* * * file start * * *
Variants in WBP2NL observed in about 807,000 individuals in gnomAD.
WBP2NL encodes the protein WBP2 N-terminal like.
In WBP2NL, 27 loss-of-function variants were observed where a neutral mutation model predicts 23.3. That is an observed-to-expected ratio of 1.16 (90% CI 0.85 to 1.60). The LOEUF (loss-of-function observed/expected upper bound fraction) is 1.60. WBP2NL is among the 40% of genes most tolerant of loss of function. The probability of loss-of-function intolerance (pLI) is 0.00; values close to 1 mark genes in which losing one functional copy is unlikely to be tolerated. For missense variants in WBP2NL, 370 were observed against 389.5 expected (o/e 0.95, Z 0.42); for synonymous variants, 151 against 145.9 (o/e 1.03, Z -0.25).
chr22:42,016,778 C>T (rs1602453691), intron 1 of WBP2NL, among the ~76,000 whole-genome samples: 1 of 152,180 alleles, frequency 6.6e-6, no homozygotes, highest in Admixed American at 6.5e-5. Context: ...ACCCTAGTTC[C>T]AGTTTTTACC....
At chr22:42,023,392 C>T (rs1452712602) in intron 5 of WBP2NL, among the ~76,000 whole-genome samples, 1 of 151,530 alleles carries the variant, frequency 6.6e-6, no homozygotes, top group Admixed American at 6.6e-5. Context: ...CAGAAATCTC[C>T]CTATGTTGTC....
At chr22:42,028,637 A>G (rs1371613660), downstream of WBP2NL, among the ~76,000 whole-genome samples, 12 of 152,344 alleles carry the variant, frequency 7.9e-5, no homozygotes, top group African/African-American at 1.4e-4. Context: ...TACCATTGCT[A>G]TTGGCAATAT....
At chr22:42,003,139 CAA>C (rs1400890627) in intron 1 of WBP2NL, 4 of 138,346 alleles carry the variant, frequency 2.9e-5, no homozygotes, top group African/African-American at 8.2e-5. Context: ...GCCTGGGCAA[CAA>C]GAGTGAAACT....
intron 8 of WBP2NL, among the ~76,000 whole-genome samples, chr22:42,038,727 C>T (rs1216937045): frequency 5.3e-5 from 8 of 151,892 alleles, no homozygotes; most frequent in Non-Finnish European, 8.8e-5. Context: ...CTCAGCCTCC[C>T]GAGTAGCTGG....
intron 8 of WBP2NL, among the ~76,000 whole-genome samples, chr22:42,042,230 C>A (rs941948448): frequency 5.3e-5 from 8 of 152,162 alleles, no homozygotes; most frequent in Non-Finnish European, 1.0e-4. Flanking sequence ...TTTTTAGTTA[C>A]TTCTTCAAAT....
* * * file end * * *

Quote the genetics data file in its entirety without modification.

Variants in WBP2NL observed in about 807,000 individuals in gnomAD.
WBP2NL encodes the protein WBP2 N-terminal like.
In WBP2NL, 27 loss-of-function variants were observed where a neutral mutation model predicts 23.3. That is an observed-to-expected ratio of 1.16 (90% CI 0.85 to 1.60). The LOEUF (loss-of-function observed/expected upper bound fraction) is 1.60. WBP2NL is among the 40% of genes most tolerant of loss of function. The probability of loss-of-function intolerance (pLI) is 0.00; values close to 1 mark genes in which losing one functional copy is unlikely to be tolerated. For missense variants in WBP2NL, 370 were observed against 389.5 expected (o/e 0.95, Z 0.42); for synonymous variants, 151 against 145.9 (o/e 1.03, Z -0.25).
chr22:42,016,778 C>T (rs1602453691), intron 1 of WBP2NL, among the ~76,000 whole-genome samples: 1 of 152,180 alleles, frequency 6.6e-6, no homozygotes, highest in Admixed American at 6.5e-5. Context: ...ACCCTAGTTC[C>T]AGTTTTTACC....
At chr22:42,023,392 C>T (rs1452712602) in intron 5 of WBP2NL, among the ~76,000 whole-genome samples, 1 of 151,530 alleles carries the variant, frequency 6.6e-6, no homozygotes, top group Admixed American at 6.6e-5. Context: ...CAGAAATCTC[C>T]CTATGTTGTC....
At chr22:42,028,637 A>G (rs1371613660), downstream of WBP2NL, among the ~76,000 whole-genome samples, 12 of 152,344 alleles carry the variant, frequency 7.9e-5, no homozygotes, top group African/African-American at 1.4e-4. Context: ...TACCATTGCT[A>G]TTGGCAATAT....
At chr22:42,003,139 CAA>C (rs1400890627) in intron 1 of WBP2NL, 4 of 138,346 alleles carry the variant, frequency 2.9e-5, no homozygotes, top group African/African-American at 8.2e-5. Context: ...GCCTGGGCAA[CAA>C]GAGTGAAACT....
intron 8 of WBP2NL, among the ~76,000 whole-genome samples, chr22:42,038,727 C>T (rs1216937045): frequency 5.3e-5 from 8 of 151,892 alleles, no homozygotes; most frequent in Non-Finnish European, 8.8e-5. Context: ...CTCAGCCTCC[C>T]GAGTAGCTGG....
intron 8 of WBP2NL, among the ~76,000 whole-genome samples, chr22:42,042,230 C>A (rs941948448): frequency 5.3e-5 from 8 of 152,162 alleles, no homozygotes; most frequent in Non-Finnish European, 1.0e-4. Flanking sequence ...TTTTTAGTTA[C>A]TTCTTCAAAT....